Like The Crown? You will love Lady in Waiting: My Extraordinary Life in the Shadow of the Crown, the life of one of Princess Margaret’s lady in waiting, who grew up on a sumptuous estate, was maid of honor for Queen Elizabeth’s coronation, and married a fabulously rich and explosive man who developed the infamous island of Mustique in the Caribbeans. The book is a stunning display of how very insular the world of aristocrats and wealthy people can be–and how utterly different from “normal” their lives are, when dire financial straight simply mean selling one of the antique paintings they don’t have on display anyway.
There are some moving personal moments as well, about her difficult marriage and the deaths of two of her sons, all told with the utmost stiff upper lip.
Cosy: The British Art of Comfort is a short book that’s almost too cute, but it’s a good escape into the British stay-home lifestyle (now that we are all staying home), complete with fires, tea, and a comfy bed. A wonderful way to remember that home is really a good place to be, at least if one can take a walk in the rain once in a while..
Careless Love starts with two somewhat suspicious deaths, that will eventually be tied together and with more in a terrifying conspiracy. It felt like the story was a kind of warmup to another, darker, more international story. We shall see. And the personal details sprinkled throughout felt a little forced. Yes, we get it, the detective likes music of a particular era.
Barbara Cleverly is the queen of mysteries in which death is caused remotely, with the perpetuator actually convinces the victim to essentially kill herself, and Enter Pale Death fits the mold. It also features the usual pomp of old-style British aristocracy and its grand houses. Both the plot and the way it is uncovered seemed just too precious to me but the vast cast of characters was certainly well observed.
In Mothering Sunday, an aging novelist remembers a Sunday when she was in her early twenties, working as a house servant and about to lose her aristocratic lover. The story unfolds slowly, capturing not just the events of the day, but the heroine’s entire life as well as her thoughts and feelings as she moves through that unforgettable day. A delightful story full of shadows and complicated relationships.
Weatherland: Writers & Artists Under English Skies is an erudite review of how weather figures in the work of British artists. (English artists? That’s what the title says but she makes reference to Wales; how can a non-Brit figure it out?)
So we start, with Roman-time orders for some nice woolens. Poor Romans, they must have felt cold, and damp, in Britain… We plow through Chaucer, and Ms. Harris insist we read it in the original language. Maybe a footnote would suffice? We peek at toes being warmed on a fire in medieval illustrations. I liked the art better than the literature, both because the illustrations are perfect and because much is lacking in my knowledge of British literature. A treat for literary Anglophiles, and an interesting read for everyone else.
The Road to Little Dribbling: Adventures of an American in Britain is an idiosyncratic journey through Great Britain — but the journey is just an excuse to talk about the author’s beloved country of adoption. His musings on the delightful ways of the Brits, the exquisite landscapes, and the right history of the place are most enjoyable. He also inserts many rants about subjects as varied as fast-food restaurants employees, dismal urban planning, poor spelling, and the general boorishness of the hoi polloi — some rants are funny but others go on a little too long, or repeat themselves a bit too much. I preferred the softer bits.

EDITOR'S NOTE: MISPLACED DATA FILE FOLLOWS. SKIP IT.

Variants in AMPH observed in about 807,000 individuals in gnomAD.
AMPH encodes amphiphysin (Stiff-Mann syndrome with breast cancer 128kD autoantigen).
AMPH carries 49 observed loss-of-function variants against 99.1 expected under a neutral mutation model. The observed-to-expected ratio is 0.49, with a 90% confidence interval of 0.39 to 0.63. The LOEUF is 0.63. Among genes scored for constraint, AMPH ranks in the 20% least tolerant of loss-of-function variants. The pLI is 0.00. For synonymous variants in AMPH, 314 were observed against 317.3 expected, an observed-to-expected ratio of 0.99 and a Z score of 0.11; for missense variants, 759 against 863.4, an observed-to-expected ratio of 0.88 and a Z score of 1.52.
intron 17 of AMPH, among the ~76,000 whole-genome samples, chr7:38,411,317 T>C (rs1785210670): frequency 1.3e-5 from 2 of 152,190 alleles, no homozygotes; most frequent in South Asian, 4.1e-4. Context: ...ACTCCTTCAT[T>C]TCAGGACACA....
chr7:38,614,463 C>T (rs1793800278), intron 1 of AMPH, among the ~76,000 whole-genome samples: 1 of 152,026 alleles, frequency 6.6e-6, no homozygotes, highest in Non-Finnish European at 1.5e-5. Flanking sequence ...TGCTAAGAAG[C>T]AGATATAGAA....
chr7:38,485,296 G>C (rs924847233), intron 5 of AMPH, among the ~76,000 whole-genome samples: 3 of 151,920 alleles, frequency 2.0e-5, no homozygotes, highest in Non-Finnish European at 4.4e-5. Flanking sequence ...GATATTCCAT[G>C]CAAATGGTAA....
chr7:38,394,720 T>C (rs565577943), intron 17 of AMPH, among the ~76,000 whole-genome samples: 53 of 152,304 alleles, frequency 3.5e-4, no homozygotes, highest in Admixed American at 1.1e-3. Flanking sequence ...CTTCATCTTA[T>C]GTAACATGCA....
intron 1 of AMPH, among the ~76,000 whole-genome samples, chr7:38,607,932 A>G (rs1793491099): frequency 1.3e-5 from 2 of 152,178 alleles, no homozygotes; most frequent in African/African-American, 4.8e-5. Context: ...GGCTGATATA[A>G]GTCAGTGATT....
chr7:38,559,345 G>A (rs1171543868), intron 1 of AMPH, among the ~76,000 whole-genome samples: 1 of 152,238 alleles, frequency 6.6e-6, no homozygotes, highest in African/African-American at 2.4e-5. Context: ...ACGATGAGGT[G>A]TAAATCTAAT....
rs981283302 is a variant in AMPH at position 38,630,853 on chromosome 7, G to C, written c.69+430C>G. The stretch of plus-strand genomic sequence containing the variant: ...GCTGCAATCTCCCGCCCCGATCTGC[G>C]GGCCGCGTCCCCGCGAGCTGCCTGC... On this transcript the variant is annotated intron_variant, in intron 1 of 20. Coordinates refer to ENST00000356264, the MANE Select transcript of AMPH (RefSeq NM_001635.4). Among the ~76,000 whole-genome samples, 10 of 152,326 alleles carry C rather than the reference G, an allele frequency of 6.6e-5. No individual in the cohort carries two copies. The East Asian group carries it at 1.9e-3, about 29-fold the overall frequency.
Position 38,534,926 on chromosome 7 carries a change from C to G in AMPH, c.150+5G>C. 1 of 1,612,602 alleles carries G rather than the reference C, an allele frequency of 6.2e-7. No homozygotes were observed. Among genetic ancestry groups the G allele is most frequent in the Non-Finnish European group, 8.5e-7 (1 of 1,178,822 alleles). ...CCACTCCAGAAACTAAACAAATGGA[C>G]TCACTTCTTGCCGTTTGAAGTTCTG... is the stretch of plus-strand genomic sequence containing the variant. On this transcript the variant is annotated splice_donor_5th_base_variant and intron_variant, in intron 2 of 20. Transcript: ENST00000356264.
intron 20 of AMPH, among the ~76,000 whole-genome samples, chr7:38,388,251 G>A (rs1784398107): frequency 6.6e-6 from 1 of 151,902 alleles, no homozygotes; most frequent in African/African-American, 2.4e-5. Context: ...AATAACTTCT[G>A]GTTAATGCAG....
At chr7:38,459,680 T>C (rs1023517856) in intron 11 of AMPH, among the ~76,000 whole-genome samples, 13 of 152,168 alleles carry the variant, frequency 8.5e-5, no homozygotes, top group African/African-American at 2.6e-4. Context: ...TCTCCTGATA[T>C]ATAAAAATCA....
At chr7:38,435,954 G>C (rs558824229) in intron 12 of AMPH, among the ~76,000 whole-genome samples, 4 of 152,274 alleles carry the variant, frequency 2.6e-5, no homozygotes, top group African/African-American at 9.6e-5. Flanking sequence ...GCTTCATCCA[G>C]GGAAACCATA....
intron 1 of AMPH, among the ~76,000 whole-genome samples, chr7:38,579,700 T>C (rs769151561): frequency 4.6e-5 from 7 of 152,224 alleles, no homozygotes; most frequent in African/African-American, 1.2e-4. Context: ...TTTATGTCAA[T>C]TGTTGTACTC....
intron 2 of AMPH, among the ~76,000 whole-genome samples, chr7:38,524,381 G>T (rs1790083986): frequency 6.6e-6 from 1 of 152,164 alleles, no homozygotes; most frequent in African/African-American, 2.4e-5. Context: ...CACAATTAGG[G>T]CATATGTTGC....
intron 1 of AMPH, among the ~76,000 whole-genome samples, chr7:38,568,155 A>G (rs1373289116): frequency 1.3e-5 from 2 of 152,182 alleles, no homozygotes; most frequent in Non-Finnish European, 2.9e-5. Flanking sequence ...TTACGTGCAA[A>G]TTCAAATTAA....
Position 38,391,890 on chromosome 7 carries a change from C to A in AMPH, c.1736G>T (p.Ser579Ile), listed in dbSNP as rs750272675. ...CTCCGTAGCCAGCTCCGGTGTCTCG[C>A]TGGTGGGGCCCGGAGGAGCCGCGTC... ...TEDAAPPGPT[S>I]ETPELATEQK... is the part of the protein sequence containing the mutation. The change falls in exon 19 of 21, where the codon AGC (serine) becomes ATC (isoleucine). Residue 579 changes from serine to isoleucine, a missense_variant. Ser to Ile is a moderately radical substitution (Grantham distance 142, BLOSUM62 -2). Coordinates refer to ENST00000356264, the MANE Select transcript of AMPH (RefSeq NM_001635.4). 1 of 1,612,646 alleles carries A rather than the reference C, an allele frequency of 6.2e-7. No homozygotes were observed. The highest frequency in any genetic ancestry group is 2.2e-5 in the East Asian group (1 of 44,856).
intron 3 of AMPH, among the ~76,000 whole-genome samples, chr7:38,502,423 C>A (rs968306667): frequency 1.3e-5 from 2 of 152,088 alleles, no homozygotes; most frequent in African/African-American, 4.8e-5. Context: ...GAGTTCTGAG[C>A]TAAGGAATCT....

In Their Promised Land: My Grandparents In Love And War, the author tells the story of his grandparents through his own memories but mostly the letters that they wrote to each other, and they wrote many since they were unlucky enough to live through two world wars, during which they were separated. Both grandparents are second-generation German Jews living in Britain in a very comfortable manner but they still have to contend with antisemitic discrimination that makes it difficult for him to find a position as a physician, for instance. The story is a love story, between Win and Bernard for sure, but also for the family they built together against the background of the wars. (Much better than All The Light We Cannot See!)
A Strange Business: Art, Culture, and Commerce in Nineteenth Century London talks about the artists, their patrons, and all the craftsmen and business people that made the practice and commerce of art possible in the United Kingdom during the 19th century. The author starts off with a painfully assembled foursome, Coleridge, Wordsworth, Turner, and Faraday, but does not seem to do much with them (although they obviously make repeated appearances in the various chapters of the book, which focus on various aspects of the art business). He also has some difficulty showing that what happened in London art circles at that time was any more than the normal benefits of wealth in making it possible for artists to thrive. There are a few interesting comments, such as when he points out that both artists and the nouveaux-riches who so wanted to appear cultured often came from the same, unhealthy backgrounds. But otherwise I found the book a little dry, full of dull correspondence and bills for various works of art and art supplies.